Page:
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I've been struggling with what seems like simple concepts, but I seem to keep combining and mixing up binary conversions.

If you are given a number in binary and apply 1's complement, you invert all bits. Making the 0's 1's and 1's 0's. For 2's complement you invert the bits like with 1's complement and add 1.

Does this mean you literally invert all bits? For some reason I keep thinking that all bits should be inverted except for the left most bit (the sign bit). Here are some examples.. Can someone please tell me if I'm doing this correctly?

1101001

1's comp: 0010110

2's comp: 0010111


01110101

1's comp: 10001010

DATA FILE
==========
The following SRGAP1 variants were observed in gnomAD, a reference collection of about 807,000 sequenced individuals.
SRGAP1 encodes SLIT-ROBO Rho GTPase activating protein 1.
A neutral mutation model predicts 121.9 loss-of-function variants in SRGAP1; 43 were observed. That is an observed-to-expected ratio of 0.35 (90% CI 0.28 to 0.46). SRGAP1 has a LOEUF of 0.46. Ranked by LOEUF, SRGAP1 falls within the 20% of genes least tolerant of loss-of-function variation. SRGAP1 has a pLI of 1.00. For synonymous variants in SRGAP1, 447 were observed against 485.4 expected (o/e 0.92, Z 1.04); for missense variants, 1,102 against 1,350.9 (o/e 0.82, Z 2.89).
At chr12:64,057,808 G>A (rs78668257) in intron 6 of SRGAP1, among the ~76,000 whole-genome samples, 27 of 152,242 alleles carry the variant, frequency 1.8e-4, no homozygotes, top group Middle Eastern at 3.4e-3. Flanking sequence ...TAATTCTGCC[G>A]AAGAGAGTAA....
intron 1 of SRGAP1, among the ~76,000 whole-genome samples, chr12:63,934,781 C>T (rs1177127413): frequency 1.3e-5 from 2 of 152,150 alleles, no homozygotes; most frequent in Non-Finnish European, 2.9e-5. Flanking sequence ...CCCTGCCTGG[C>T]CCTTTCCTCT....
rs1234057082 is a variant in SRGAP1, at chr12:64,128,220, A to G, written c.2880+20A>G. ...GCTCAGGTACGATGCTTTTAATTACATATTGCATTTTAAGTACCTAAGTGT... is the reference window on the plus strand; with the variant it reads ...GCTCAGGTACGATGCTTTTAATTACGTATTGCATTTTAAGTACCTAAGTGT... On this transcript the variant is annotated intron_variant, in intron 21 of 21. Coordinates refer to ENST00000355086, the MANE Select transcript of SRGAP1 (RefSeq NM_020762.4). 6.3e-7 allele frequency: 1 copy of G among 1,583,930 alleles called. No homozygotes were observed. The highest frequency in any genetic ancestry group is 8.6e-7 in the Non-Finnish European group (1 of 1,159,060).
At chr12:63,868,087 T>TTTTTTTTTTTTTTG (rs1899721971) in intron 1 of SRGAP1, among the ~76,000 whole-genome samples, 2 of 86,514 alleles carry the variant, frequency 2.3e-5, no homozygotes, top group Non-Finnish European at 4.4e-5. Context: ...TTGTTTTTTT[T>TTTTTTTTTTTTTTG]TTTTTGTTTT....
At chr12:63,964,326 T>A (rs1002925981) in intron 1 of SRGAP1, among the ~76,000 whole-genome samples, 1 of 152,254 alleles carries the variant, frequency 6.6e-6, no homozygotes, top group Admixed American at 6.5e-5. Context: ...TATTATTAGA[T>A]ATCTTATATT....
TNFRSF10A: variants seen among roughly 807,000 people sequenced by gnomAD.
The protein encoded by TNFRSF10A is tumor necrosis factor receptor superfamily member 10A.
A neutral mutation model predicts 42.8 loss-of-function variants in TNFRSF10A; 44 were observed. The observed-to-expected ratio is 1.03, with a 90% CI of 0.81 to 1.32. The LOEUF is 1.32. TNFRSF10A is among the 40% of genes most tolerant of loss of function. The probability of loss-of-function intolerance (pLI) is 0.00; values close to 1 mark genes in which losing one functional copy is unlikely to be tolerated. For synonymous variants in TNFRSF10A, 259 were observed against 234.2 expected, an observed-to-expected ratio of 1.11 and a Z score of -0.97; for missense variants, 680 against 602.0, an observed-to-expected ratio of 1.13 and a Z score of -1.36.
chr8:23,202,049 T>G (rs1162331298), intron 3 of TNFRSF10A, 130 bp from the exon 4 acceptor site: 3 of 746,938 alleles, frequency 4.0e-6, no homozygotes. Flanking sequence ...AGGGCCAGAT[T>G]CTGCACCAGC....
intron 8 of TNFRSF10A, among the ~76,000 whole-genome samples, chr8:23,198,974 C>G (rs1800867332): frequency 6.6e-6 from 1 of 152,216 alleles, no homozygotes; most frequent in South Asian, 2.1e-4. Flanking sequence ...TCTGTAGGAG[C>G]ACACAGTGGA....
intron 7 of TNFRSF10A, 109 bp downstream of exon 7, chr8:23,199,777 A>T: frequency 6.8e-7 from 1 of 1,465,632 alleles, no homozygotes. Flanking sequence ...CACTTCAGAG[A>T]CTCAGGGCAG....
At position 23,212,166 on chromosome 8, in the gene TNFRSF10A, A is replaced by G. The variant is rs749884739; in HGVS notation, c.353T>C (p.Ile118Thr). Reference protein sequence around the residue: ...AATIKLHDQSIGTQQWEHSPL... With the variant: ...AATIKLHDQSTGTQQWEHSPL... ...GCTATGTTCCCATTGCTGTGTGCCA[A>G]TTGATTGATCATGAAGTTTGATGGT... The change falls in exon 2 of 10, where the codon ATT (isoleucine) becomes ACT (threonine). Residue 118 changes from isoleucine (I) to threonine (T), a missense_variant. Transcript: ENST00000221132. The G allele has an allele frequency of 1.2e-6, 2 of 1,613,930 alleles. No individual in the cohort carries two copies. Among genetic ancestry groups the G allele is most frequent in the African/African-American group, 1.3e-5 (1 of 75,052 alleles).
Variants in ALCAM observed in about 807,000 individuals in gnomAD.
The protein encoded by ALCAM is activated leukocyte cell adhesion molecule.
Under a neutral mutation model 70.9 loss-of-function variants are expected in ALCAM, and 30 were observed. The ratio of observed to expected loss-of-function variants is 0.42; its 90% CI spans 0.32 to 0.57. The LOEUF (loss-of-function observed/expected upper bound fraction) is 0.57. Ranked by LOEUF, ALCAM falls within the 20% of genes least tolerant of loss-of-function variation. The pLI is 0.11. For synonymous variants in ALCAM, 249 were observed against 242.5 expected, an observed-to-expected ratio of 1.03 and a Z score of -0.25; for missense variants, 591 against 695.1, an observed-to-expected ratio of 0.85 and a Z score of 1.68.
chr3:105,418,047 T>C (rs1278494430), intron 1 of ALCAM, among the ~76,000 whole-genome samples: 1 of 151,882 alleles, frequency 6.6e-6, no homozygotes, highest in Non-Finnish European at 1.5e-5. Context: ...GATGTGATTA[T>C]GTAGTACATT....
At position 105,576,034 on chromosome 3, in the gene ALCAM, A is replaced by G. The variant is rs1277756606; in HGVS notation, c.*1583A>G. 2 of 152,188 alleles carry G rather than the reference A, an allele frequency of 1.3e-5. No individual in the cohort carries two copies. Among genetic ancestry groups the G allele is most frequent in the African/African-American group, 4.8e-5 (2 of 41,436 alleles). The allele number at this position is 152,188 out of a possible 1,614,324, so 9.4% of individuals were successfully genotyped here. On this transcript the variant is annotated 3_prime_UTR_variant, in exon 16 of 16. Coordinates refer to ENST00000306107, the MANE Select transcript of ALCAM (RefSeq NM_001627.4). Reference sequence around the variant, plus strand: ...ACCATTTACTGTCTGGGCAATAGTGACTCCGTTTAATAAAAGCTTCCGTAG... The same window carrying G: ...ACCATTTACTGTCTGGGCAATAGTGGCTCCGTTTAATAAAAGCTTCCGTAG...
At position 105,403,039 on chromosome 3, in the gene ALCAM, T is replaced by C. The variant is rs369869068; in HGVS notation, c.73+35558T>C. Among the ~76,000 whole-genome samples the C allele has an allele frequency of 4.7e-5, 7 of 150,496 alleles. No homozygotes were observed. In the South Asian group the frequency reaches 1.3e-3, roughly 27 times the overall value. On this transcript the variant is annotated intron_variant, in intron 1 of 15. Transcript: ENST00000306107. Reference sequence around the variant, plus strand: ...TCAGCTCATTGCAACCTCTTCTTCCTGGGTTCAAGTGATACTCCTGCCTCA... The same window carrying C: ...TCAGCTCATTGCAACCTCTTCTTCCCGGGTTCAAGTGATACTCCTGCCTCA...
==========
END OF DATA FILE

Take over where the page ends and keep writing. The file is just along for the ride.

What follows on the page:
2's comp: 10001011


011110110

1's comp: 100001001

2's comp: 100001011


Thanks.

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Your concepts are totally correct:

  • one's complement = invert everything
  • two's complement = invert everything, including the left most bit, then add 1

Your first two examples are correct, the last one is a little strange since you usually work with multiples of bytes (8 bits) and your example has 9 bits, but still, the same rules apply:

        (0000000)011110110
ones -> (1111111)100001001
twos -> (1111111)100001010  <-- I think you had a typo here, you stated the result would be 100001011

Here's a nice summary article about the subject: http://academic.evergreen.edu/projects/biophysics/technotes/program/2s_comp.htm

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